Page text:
Propaganda plays on human emotions—fear, hope, anger, frustration, sympathy—to direct audiences toward the desired goal. Hitler argued that the successful propagandist had to understand how to psychologically tailor messages to the public's emotions in order to win people over.
Propaganda can serve as a form of political and social warfare to identify and vilify opponents. It can call into question the legitimacy, credibility, accuracy, and even the character of one’s opponents and their ideas. Nazi propagandists contributed to the implementation of the regime’s policies by publicly identifying groups for exclusion, justifying their outsider status, and inciting hatred or cultivating indifference.
Adolf Hitler likened propaganda to political advertising: it had to distinguish the party, cause, or individual from their competitors. The Nazis branded themselves and their leader as young, patriotic, political outsiders who alone were capable of reforming Germany. They painted other political parties as special interest groups while portraying the Nazi Party as an inclusive movement representing all non-Jewish Germans, regardless of class, religion, or region.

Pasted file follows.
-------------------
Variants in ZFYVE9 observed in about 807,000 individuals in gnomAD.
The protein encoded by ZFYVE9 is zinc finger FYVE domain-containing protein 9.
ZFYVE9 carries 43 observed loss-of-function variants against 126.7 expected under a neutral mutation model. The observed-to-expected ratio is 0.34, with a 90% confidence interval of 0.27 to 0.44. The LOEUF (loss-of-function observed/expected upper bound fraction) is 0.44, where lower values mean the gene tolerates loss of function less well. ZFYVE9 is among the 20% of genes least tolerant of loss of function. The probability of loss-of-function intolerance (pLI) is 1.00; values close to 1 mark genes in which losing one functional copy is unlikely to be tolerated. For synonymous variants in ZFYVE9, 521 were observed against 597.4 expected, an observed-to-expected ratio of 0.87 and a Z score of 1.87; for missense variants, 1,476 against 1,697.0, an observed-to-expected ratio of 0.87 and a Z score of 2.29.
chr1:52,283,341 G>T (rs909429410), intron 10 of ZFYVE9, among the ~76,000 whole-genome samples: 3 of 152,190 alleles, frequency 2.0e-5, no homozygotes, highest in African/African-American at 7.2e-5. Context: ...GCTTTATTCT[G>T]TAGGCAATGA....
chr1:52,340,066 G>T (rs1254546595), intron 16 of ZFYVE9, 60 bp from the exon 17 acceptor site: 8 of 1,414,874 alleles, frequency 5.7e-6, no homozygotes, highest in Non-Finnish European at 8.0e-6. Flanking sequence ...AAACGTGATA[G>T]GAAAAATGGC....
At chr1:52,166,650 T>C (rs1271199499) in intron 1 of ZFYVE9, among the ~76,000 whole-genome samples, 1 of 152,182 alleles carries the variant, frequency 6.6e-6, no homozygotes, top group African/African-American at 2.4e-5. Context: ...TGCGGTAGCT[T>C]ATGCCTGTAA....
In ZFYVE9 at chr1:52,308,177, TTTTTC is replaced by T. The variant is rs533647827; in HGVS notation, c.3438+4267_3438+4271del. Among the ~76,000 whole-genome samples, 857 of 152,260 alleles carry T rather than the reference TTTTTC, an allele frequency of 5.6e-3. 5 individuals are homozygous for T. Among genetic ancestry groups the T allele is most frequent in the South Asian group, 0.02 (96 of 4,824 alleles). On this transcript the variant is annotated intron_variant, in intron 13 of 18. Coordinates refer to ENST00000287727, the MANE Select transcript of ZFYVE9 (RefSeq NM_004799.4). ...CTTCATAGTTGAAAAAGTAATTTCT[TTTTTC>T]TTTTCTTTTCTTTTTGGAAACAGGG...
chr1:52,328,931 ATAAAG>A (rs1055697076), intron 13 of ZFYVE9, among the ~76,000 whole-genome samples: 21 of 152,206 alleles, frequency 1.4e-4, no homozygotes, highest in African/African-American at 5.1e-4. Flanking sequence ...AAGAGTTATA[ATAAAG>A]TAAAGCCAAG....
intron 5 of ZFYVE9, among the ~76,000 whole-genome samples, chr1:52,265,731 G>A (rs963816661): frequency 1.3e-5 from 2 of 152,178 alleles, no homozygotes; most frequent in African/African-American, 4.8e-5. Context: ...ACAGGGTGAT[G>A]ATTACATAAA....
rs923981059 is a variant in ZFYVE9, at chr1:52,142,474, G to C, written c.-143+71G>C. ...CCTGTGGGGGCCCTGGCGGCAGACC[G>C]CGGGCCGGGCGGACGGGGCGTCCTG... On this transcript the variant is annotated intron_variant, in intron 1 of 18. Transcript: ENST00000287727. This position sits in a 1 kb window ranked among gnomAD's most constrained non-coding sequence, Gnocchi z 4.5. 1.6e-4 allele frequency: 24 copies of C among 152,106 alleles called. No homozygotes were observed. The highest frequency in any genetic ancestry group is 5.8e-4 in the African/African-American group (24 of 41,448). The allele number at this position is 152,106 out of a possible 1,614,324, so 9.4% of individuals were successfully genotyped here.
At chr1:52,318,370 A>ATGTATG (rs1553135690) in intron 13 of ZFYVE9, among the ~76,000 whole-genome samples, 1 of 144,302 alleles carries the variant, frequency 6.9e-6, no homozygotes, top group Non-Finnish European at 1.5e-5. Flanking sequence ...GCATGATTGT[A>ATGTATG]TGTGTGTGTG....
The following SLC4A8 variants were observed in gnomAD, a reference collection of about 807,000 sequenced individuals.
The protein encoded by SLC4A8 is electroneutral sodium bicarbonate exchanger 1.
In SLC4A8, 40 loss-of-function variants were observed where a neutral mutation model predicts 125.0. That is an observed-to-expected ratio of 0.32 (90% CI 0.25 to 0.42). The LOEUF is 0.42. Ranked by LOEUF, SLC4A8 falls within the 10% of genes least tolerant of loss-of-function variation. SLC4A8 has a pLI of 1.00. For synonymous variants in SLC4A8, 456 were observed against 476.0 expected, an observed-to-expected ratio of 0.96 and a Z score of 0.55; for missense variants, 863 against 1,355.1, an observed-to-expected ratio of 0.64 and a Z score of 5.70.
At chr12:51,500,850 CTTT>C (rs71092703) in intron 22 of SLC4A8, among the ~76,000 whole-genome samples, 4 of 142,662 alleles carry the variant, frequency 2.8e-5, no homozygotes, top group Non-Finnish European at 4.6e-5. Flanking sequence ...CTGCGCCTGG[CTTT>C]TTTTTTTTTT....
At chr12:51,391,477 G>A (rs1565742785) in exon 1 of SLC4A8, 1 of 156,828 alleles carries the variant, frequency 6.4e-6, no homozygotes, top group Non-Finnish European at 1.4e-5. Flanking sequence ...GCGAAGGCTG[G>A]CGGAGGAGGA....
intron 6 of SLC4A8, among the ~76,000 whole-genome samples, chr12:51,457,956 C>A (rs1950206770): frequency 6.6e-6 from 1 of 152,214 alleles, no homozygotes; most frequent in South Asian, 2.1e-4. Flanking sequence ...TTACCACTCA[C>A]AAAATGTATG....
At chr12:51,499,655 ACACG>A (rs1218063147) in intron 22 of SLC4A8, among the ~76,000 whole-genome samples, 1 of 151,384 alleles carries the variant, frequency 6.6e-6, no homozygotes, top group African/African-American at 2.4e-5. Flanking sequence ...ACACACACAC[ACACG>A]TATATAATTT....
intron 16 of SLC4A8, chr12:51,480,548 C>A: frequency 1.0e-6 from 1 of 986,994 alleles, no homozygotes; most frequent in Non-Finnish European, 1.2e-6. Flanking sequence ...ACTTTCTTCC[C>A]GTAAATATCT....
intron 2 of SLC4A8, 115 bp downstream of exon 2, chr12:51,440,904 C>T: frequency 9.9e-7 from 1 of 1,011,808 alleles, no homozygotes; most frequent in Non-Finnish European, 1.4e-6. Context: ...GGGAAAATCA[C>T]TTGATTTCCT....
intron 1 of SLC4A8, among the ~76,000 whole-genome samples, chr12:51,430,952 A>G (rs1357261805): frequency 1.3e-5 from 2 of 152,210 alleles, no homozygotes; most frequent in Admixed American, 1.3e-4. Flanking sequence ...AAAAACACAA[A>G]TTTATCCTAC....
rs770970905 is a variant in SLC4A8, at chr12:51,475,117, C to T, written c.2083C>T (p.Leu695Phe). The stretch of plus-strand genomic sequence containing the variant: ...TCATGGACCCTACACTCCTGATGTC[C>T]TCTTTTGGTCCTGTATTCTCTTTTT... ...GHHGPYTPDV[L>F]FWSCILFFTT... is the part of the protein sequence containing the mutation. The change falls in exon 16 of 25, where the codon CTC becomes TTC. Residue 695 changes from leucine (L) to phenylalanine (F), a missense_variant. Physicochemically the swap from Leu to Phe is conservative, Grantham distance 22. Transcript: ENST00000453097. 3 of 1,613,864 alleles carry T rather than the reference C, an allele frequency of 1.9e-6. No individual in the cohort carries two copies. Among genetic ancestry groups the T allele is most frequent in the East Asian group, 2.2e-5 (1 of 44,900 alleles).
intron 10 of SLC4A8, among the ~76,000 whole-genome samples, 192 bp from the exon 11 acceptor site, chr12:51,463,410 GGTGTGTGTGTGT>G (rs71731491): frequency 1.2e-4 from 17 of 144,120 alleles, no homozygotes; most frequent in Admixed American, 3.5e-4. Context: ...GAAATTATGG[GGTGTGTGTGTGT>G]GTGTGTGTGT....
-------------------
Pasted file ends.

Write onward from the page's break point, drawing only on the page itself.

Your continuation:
Effective propaganda often times conveys messages, themes, and language that appeal directly, and many times exclusively, to specific and distinct segments—and even sub-segments—of the population. Propagandists create messages that appeal directly to the needs, hopes, and fears of the targeted groups. The Nazi Party promoted itself as an inclusive political movement that represented all non-Jewish Germans, regardless of class, gender, religion, or region.